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  • Molly Peterson

Returning to Work

Updated: Jul 29, 2023

Returning to work can feel overwhelming and stressful. However, preparing both you and your little one can make it a little easier! Here are some tips for getting through this transition.


crying baby


Before you return to work:

Starting to stash milk away a few weeks before you go to work can help you feel less stressed your first few days back. Remember, you don’t need a freezer full of milk to go back to work, but rather a few days worth of milk to ease the transition. Then, you’ll pump at work to give to your baby while you’re separated. Babies need 1-1.5oz per hour that you’ll be apart. For an 8 hour work day this is about 8-10oz.


Pumping once or twice per day after your little one eats can help give you a small amount to start saving for when you're back at work. Typical volumes when pumping after a feeding are between 0.5-1.5oz total.


It can be a good idea to introduce a bottle between 3-6 weeks of age and continue to give a bottle a day or every other day. This will ensure that your little one will be able to take a bottle and not have a preference for the breast. Remember to pace bottle feed!


Have a conversation with your employer before you start maternity leave about where you are pumping and make sure they are aware of how often you need to pump. You do have new laws to protect you if you’re getting push back from your employer. Another question to ask is will you have access to a fridge to store your milk or sink to wash your pump parts at work? If you don’t have a fridge, be sure to have a cooler bag with an ice pack. If you don’t have a sink, consider buying multiple sets of pump parts to get you through the day or using pump cleaning wipes, pump cleaning spray and steam sterilizing bags. Wash your pump parts with soap and water when you get home every day.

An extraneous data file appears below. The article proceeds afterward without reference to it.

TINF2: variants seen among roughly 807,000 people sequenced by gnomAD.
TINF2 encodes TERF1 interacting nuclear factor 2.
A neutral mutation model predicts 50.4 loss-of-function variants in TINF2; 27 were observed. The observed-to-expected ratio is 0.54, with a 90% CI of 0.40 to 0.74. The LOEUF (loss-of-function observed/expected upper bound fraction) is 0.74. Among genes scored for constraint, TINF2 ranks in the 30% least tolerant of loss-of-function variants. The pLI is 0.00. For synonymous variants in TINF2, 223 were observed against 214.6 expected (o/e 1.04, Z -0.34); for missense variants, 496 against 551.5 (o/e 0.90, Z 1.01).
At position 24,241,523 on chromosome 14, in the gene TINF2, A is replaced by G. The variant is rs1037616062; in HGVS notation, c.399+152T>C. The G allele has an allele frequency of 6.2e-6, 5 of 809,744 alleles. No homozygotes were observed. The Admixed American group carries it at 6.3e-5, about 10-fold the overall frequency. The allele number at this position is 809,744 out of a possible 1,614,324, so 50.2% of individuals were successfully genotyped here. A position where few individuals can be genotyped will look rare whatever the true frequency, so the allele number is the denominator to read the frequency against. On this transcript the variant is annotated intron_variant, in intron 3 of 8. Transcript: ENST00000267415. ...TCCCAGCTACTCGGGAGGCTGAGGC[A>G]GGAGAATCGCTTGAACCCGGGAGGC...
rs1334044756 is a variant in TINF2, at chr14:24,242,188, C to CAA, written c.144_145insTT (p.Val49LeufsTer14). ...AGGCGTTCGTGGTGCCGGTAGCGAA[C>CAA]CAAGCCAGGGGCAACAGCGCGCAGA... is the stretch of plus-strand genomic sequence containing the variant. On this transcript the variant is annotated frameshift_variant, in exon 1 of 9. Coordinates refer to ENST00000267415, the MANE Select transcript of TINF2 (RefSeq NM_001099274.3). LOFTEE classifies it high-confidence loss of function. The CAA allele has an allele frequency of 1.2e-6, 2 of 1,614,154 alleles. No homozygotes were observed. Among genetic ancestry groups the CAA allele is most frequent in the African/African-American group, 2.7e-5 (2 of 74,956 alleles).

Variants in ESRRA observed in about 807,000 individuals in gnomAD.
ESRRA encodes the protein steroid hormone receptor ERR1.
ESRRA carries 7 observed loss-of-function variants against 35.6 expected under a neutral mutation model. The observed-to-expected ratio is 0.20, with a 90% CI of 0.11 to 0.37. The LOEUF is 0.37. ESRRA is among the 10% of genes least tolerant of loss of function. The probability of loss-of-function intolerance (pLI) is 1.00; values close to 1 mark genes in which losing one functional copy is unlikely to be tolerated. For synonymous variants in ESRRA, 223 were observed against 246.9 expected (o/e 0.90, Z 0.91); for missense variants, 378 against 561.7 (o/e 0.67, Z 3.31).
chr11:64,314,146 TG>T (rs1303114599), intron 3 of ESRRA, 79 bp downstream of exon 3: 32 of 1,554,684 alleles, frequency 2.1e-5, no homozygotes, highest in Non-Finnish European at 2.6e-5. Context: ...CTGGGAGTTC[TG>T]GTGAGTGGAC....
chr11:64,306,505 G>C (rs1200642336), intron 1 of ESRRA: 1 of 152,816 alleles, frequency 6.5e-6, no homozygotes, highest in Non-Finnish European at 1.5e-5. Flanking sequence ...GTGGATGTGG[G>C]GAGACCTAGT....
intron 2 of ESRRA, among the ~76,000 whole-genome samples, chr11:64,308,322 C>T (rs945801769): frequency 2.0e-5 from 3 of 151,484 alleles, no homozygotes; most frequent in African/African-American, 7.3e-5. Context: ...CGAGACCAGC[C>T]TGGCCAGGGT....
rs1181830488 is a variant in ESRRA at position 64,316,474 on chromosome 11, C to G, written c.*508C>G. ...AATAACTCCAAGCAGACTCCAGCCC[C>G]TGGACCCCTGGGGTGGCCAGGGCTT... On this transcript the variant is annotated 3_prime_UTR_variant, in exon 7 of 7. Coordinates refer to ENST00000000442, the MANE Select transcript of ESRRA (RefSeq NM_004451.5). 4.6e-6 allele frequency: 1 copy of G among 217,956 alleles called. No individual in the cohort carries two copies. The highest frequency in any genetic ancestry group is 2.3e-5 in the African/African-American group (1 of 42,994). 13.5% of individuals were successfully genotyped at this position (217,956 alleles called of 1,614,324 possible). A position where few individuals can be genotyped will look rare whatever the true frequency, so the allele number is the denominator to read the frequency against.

Make sure your pump is up to the job! In most cases, wearable pumps are not strong enough to maintain a milk supply for most parents that are working full-time. They can be useful in some cases, but having a primary pump to ensure breast drainage is key.


After you return to work:


Your breasts need to be stimulated and drained at least 7 times in a 24 hour period. A good goal to have is to pump when your baby would typically eat while you’re separated. Most parents will pump 2-4oz per session while they are at work.


Talk to your childcare provider to ensure that they are aware of current breast milk storage guidelines. Also, discuss paced bottle feeding and why it’s important. Finally, make sure you are aware of how your provider would like you to store and label your milk. Different facilities have different rules.


Remember, this transition isn’t always easy. We are here to support you every step of the way. Let us know if it would be helpful to have a pumping evaluation, returning to work consult, or bottle feeding consult!


Still need to order your breast pump? Thanks to the Affordable Care Act, most insurance plans will cover the purchase of a breast pump! We have found working with a Durable Medical Equipment facility like The Breast Pump Store makes the process really simple. Visit their website https://thebreastpumpstore.com/ and see if you qualify for a breast pump through your insurance today!



Need more help with your return to work? Book a visit with Wisco Lactation! We offer home & office visit in SE Wisconsin and NE Illinois. We also offer virtual visits worldwide.


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